Opinion: Why you should remember to vote for Clyde



Elaina Sauber

Elaina Sauber

Elaina Sauber is a junior English major and columnist for the Daily Kent Stater. Contact her at [email protected].

Most college students who participate in this election are first-time voters, myself included, and most are probably drawn to the polls to vote for a president. However, the presidential election often overshadows smaller elections, such as the Ohio House of Representatives.

Democrat Kathleen Clyde, a current state representative from Portage County, is running for re-election against Republican candidate Nick Skeriotis for the 75th Ohio House District. While Clyde has her incumbency to support her re-election, Skeriotis has spent more than twice as much as her on his campaign.

Clyde has also taken issue with the fact that her opponent distributed mailings and made statements that are “distorting her record and opinions on issues.” His advertisements have also tried to draw parallels between local issues and the Obama administration.

In a letter to the editor written by Skeriotis, he remarks on Obama’s apparent lack of knowledge about how businesses are run and suggests that Clyde, too, believes that government is responsible for the success of small businesses because of her recent appointment to the Democratic National Committee. She responded to these accusations as connecting her to “all sorts of federal policies that I have nothing to do with as one of the 99 members of the state legislature.”

As I read her swift, backhanded reply, I realized how out of place her opponent’s comments were. They’re running for a state government position — when the Ohio House of Representatives votes in favor of a bill, it’s the governor who has to sign it before it becomes a law.

That’s what makes Skeriotis’ remarks so discomforting: His aspired position has nothing to do with Obama or the federal government — at all. It’s hard to tell if he doesn’t understand that, or if he thinks that blaming a Democratic president will earn him votes.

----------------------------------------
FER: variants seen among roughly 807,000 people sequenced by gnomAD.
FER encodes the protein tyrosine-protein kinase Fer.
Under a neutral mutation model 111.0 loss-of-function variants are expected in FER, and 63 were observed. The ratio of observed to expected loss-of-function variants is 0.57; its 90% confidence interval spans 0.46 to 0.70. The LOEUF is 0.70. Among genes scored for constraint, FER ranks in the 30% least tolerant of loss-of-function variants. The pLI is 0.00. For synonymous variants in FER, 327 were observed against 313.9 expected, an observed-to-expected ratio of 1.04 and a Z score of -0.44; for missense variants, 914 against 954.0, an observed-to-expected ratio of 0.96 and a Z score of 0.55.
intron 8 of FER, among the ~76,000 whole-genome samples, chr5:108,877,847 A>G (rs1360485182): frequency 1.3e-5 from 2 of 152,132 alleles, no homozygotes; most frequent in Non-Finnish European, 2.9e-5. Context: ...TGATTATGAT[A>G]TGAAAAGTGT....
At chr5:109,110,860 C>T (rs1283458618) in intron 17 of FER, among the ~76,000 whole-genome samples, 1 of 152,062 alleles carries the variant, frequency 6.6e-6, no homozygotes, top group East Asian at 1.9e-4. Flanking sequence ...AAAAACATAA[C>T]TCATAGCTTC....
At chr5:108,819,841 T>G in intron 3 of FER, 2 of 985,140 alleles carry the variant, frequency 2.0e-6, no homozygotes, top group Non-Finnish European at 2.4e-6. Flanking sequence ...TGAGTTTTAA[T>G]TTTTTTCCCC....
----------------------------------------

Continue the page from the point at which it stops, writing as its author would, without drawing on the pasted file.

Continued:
When discussing his campaign with the Record-Courier, he mentioned Obama’s policies frequently.

“This has been the most divisive president in the history of America,” he said. “He will create a civil war in this country.”

“We made it for 200 years as the greatest nation on Earth. Now we’re becoming a girly nation … Everything the government touches it ruins.”

This mini-rant literally has nothing to do with his campaign, nor does it have anything to do with representing the voice of the 75th District. It’s very hard to tell where his priorities lie, as Skeriotis is a small business owner in Northeast Ohio who is clearly disgruntled with government regulations and involvement in the private sector.

I tried to give him the benefit of the doubt and read about his position on current issues, but they all spewed the exact same ideas about reducing the size of government, cracking down on aggressive government and EPA regulations that are hurting the economy and working for more states’ rights and less federal control — oh, and teaching Christianity in schools.

“We took out the Ten Commandments and now we have a void there and it’s filled with drugs, alcohol, teen pregnancy,” he said. “We have kids that go into school dumb and come out even dumber … Our founders wanted the Bible to be taught in our schools, in our education system.”

I realize that Skeriotis is the kind of candidate you listen to and then shake your head in disappointment, and I refuse to accept that this is the best candidate for the 75th Ohio House District; we deserve someone better to represent us.